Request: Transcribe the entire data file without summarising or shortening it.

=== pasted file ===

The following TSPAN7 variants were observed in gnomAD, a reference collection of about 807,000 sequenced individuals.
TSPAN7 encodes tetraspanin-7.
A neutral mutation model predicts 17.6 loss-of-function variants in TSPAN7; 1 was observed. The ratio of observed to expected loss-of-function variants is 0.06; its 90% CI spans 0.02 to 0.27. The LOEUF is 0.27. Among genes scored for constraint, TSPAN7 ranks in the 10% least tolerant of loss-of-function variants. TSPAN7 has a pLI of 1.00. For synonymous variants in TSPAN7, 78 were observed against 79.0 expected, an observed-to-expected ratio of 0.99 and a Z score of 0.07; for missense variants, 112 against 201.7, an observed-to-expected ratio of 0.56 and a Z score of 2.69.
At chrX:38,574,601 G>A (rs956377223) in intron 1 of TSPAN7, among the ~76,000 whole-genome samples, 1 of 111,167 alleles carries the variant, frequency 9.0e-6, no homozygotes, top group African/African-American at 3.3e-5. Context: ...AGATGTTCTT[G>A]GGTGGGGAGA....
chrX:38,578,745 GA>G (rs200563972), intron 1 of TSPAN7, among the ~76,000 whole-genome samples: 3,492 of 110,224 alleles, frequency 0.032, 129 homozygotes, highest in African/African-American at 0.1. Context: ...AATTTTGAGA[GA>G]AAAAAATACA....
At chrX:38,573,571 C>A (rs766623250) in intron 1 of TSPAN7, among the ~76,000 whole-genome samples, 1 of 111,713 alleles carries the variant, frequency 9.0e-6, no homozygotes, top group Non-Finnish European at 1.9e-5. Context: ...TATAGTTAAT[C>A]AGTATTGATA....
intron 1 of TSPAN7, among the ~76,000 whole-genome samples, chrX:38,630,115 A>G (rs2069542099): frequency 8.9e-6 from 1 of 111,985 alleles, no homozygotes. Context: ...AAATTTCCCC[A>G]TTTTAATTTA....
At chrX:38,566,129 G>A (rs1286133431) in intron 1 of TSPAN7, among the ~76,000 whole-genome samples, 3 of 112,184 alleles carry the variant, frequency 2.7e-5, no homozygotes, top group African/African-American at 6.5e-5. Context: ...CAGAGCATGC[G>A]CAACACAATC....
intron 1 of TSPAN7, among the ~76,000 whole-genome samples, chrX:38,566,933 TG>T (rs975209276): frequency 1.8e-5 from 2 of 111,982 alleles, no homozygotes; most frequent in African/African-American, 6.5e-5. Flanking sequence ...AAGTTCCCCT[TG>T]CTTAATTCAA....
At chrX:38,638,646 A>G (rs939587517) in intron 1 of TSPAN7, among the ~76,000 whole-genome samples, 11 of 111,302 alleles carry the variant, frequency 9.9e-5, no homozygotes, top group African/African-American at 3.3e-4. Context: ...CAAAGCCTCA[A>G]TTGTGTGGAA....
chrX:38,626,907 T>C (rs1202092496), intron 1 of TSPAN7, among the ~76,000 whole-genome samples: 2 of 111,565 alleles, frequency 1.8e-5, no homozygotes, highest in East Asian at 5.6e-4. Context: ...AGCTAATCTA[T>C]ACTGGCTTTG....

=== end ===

The following TSPAN7 variants were observed in gnomAD, a reference collection of about 807,000 sequenced individuals.
TSPAN7 encodes tetraspanin-7.
A neutral mutation model predicts 17.6 loss-of-function variants in TSPAN7; 1 was observed. The ratio of observed to expected loss-of-function variants is 0.06; its 90% CI spans 0.02 to 0.27. The LOEUF is 0.27. Among genes scored for constraint, TSPAN7 ranks in the 10% least tolerant of loss-of-function variants. TSPAN7 has a pLI of 1.00. For synonymous variants in TSPAN7, 78 were observed against 79.0 expected, an observed-to-expected ratio of 0.99 and a Z score of 0.07; for missense variants, 112 against 201.7, an observed-to-expected ratio of 0.56 and a Z score of 2.69.
At chrX:38,574,601 G>A (rs956377223) in intron 1 of TSPAN7, among the ~76,000 whole-genome samples, 1 of 111,167 alleles carries the variant, frequency 9.0e-6, no homozygotes, top group African/African-American at 3.3e-5. Context: ...AGATGTTCTT[G>A]GGTGGGGAGA....
chrX:38,578,745 GA>G (rs200563972), intron 1 of TSPAN7, among the ~76,000 whole-genome samples: 3,492 of 110,224 alleles, frequency 0.032, 129 homozygotes, highest in African/African-American at 0.1. Context: ...AATTTTGAGA[GA>G]AAAAAATACA....
At chrX:38,573,571 C>A (rs766623250) in intron 1 of TSPAN7, among the ~76,000 whole-genome samples, 1 of 111,713 alleles carries the variant, frequency 9.0e-6, no homozygotes, top group Non-Finnish European at 1.9e-5. Context: ...TATAGTTAAT[C>A]AGTATTGATA....
intron 1 of TSPAN7, among the ~76,000 whole-genome samples, chrX:38,630,115 A>G (rs2069542099): frequency 8.9e-6 from 1 of 111,985 alleles, no homozygotes. Context: ...AAATTTCCCC[A>G]TTTTAATTTA....
At chrX:38,566,129 G>A (rs1286133431) in intron 1 of TSPAN7, among the ~76,000 whole-genome samples, 3 of 112,184 alleles carry the variant, frequency 2.7e-5, no homozygotes, top group African/African-American at 6.5e-5. Context: ...CAGAGCATGC[G>A]CAACACAATC....
intron 1 of TSPAN7, among the ~76,000 whole-genome samples, chrX:38,566,933 TG>T (rs975209276): frequency 1.8e-5 from 2 of 111,982 alleles, no homozygotes; most frequent in African/African-American, 6.5e-5. Flanking sequence ...AAGTTCCCCT[TG>T]CTTAATTCAA....
At chrX:38,638,646 A>G (rs939587517) in intron 1 of TSPAN7, among the ~76,000 whole-genome samples, 11 of 111,302 alleles carry the variant, frequency 9.9e-5, no homozygotes, top group African/African-American at 3.3e-4. Context: ...CAAAGCCTCA[A>G]TTGTGTGGAA....
chrX:38,626,907 T>C (rs1202092496), intron 1 of TSPAN7, among the ~76,000 whole-genome samples: 2 of 111,565 alleles, frequency 1.8e-5, no homozygotes, highest in East Asian at 5.6e-4. Context: ...AGCTAATCTA[T>C]ACTGGCTTTG....